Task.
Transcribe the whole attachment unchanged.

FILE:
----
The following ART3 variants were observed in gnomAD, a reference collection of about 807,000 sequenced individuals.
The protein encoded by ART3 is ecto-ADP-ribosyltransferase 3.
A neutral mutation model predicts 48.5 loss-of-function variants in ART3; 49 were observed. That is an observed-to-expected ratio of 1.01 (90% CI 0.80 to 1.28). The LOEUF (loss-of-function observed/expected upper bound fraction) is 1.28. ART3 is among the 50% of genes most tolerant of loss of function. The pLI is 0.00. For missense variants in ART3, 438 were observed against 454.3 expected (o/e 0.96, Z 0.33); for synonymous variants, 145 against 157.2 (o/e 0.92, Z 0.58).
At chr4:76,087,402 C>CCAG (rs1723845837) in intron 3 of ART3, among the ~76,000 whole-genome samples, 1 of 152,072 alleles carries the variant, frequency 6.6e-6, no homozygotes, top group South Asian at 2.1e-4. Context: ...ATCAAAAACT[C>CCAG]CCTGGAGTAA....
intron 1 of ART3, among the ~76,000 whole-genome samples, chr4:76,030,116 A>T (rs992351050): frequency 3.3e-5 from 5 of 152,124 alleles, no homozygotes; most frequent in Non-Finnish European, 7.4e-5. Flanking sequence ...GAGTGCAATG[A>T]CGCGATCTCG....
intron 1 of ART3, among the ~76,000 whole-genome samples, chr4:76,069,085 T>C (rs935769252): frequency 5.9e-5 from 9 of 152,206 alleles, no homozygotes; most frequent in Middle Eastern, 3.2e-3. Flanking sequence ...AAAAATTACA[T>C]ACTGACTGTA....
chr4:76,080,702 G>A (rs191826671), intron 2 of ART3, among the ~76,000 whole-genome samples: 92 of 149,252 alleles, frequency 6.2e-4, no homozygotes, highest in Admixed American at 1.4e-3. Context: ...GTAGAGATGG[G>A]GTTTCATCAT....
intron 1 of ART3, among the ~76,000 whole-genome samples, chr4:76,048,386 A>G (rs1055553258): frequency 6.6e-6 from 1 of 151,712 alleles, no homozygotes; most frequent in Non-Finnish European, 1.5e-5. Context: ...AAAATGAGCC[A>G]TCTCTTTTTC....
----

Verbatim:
The following ART3 variants were observed in gnomAD, a reference collection of about 807,000 sequenced individuals.
The protein encoded by ART3 is ecto-ADP-ribosyltransferase 3.
A neutral mutation model predicts 48.5 loss-of-function variants in ART3; 49 were observed. That is an observed-to-expected ratio of 1.01 (90% CI 0.80 to 1.28). The LOEUF (loss-of-function observed/expected upper bound fraction) is 1.28. ART3 is among the 50% of genes most tolerant of loss of function. The pLI is 0.00. For missense variants in ART3, 438 were observed against 454.3 expected (o/e 0.96, Z 0.33); for synonymous variants, 145 against 157.2 (o/e 0.92, Z 0.58).
At chr4:76,087,402 C>CCAG (rs1723845837) in intron 3 of ART3, among the ~76,000 whole-genome samples, 1 of 152,072 alleles carries the variant, frequency 6.6e-6, no homozygotes, top group South Asian at 2.1e-4. Context: ...ATCAAAAACT[C>CCAG]CCTGGAGTAA....
intron 1 of ART3, among the ~76,000 whole-genome samples, chr4:76,030,116 A>T (rs992351050): frequency 3.3e-5 from 5 of 152,124 alleles, no homozygotes; most frequent in Non-Finnish European, 7.4e-5. Flanking sequence ...GAGTGCAATG[A>T]CGCGATCTCG....
intron 1 of ART3, among the ~76,000 whole-genome samples, chr4:76,069,085 T>C (rs935769252): frequency 5.9e-5 from 9 of 152,206 alleles, no homozygotes; most frequent in Middle Eastern, 3.2e-3. Flanking sequence ...AAAAATTACA[T>C]ACTGACTGTA....
chr4:76,080,702 G>A (rs191826671), intron 2 of ART3, among the ~76,000 whole-genome samples: 92 of 149,252 alleles, frequency 6.2e-4, no homozygotes, highest in Admixed American at 1.4e-3. Context: ...GTAGAGATGG[G>A]GTTTCATCAT....
intron 1 of ART3, among the ~76,000 whole-genome samples, chr4:76,048,386 A>G (rs1055553258): frequency 6.6e-6 from 1 of 151,712 alleles, no homozygotes; most frequent in Non-Finnish European, 1.5e-5. Context: ...AAAATGAGCC[A>G]TCTCTTTTTC....